How to Coach a Future CEO — Business Management Daily: Free Reports on Human Resources, Employment Law, Office Management, Office Communication, Office Technology and Small Business Tax Business Management Daily
If you’ve been reading this blog for awhile, you know I’m a fan of Ford CEO Alan Mulally. He started in the top job at Ford about five years ago and, he has led the company to quarter after quarter of profitable growth. He’s accomplished that through any number of ways. Probably one of the biggest is by changing the culture of the company’s leadership team.
Of course, you change a culture by inspiring people to think, feel and act differently. It’s a process of winning hearts and minds. As the New York Times reported this past weekend, Mulally just turned 66 and is expected to retire in the next couple of years. The front runner to succeed him is an executive named Mark Fields who runs Ford’s business in the Americas.
In reading the story on Ford and Fields, I was struck by the evidence that Fields has changed his style as a leader over the past five years. Of course, that’s concurrent with Mulally’s time at the company. Prior to Mulally’s arrival, Fields was a high flier (literally and figuratively) who had gotten himself in trouble when it was revealed that he was using Ford’s corporate jets to fly back and forth to his Florida home at the same time that he was cutting thousands of jobs at the company and shutting down manufacturing plants.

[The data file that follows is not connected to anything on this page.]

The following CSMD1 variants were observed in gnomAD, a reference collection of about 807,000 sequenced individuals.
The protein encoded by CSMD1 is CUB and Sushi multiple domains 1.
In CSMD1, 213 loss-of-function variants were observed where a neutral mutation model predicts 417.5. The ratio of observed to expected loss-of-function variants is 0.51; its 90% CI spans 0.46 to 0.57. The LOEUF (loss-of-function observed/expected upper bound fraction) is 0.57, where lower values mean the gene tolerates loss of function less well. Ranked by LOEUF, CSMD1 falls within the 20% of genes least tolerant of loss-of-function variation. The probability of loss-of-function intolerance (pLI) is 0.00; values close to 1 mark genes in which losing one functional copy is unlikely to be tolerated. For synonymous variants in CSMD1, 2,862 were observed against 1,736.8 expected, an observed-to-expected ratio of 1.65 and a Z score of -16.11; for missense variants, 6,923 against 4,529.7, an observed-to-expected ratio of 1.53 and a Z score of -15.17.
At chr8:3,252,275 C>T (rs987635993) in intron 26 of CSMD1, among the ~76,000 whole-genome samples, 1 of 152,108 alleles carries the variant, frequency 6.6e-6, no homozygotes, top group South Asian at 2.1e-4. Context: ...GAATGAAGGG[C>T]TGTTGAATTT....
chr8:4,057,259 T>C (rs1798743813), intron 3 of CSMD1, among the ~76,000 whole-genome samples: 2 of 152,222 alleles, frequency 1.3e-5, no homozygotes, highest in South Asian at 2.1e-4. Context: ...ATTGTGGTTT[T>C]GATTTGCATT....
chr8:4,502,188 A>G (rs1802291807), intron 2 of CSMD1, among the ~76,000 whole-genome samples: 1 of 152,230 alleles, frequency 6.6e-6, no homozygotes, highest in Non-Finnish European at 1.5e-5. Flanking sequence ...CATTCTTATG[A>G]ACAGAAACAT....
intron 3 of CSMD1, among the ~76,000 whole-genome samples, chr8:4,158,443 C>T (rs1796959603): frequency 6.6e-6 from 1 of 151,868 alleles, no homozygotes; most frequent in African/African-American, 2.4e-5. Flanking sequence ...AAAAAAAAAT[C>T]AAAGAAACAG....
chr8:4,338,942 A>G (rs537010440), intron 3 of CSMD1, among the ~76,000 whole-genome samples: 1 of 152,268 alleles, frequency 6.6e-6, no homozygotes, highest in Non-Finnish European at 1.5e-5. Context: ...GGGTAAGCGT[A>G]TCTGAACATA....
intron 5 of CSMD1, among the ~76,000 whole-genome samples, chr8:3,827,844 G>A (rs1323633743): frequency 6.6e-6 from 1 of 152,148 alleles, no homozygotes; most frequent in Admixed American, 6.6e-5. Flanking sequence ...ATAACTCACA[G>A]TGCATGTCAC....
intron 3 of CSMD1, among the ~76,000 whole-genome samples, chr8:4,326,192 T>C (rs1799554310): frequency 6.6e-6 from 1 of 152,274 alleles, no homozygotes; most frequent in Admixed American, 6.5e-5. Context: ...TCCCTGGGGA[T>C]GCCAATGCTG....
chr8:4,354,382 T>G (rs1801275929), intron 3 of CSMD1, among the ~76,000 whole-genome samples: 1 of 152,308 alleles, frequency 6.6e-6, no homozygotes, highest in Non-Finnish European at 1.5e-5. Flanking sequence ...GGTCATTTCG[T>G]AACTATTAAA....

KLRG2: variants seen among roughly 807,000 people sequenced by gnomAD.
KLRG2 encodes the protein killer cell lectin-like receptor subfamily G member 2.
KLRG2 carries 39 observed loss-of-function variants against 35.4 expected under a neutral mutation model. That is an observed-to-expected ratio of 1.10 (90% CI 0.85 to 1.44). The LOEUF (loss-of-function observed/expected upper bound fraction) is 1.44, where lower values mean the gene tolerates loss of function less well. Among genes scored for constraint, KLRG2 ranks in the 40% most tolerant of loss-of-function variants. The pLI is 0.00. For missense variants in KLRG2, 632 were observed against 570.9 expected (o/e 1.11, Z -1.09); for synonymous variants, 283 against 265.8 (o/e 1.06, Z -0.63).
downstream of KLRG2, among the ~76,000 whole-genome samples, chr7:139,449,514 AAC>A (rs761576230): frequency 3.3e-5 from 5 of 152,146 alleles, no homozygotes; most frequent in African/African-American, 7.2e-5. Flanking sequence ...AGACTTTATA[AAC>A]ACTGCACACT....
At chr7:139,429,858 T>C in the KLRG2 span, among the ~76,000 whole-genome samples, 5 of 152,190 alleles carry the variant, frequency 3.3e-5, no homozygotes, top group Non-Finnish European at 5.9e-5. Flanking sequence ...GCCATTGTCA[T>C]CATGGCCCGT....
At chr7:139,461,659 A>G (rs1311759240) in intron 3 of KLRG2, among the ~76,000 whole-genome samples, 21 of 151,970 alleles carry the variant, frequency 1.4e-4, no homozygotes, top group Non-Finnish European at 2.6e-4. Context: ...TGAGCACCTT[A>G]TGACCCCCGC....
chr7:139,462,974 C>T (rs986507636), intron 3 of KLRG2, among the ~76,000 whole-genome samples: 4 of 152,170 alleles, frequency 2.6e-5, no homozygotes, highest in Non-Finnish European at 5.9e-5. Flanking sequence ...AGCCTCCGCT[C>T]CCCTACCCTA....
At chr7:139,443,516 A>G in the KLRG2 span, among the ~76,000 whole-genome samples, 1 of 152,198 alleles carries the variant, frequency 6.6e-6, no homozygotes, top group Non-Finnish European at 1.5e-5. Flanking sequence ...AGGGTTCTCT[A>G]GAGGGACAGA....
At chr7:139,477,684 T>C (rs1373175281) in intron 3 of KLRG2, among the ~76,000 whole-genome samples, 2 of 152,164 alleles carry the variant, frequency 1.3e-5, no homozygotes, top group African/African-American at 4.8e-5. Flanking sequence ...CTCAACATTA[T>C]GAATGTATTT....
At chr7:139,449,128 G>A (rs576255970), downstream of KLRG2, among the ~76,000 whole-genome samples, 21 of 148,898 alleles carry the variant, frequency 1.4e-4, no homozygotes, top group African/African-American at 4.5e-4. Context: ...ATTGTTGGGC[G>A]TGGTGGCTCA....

As Fields himself said, “There was a ‘dead pool’ about me. People were saying, ‘When is Fields going to get shown the door?’ ” Five years later, however, he’s a poster dude for what great coaching and role modeling can do to turn an executive’s career and life around.
Mulally is renowned for his inclusive, it’s-OK-to-tell-the-truth management style. You can get a feel for how he does it in a video interview he did with the New Yorker’s James Surowiecki a few years ago. At around the 10 minute mark, he tells the story of one of his first weekly management team meetings at Ford when Mark Fields stepped out to report that a product launch was in red status when the norm over the years had been to report everything green even if it was all in the tank. Mulally literally applauded Fields at that moment and thanked him for telling it straight. He then asked the rest of the team what they could do to help Fields out. Others stepped up, offered help and Mulally had made one of his first points about the leadership culture he wanted to establish.
In the Times article, Fields said that, prior to Mulally, “You never said you needed help. That was a sign of weakness.” These days at Ford, asking for help is a sign of strength. Among the many legacies that Mulally will leave at Ford that has to be one of the most important.
What opportunities do you have to change the leaders of your organization through coaching and role modeling? What changes have you made as a result of a leader’s positive example and coaching?
The death of an employee needs to be communicated within the workplace promptly and with sensitivity to the emotional toll that such news has on those receiving it. Many questions arise for managers and employees about how to make these announcements....Click here to find out more.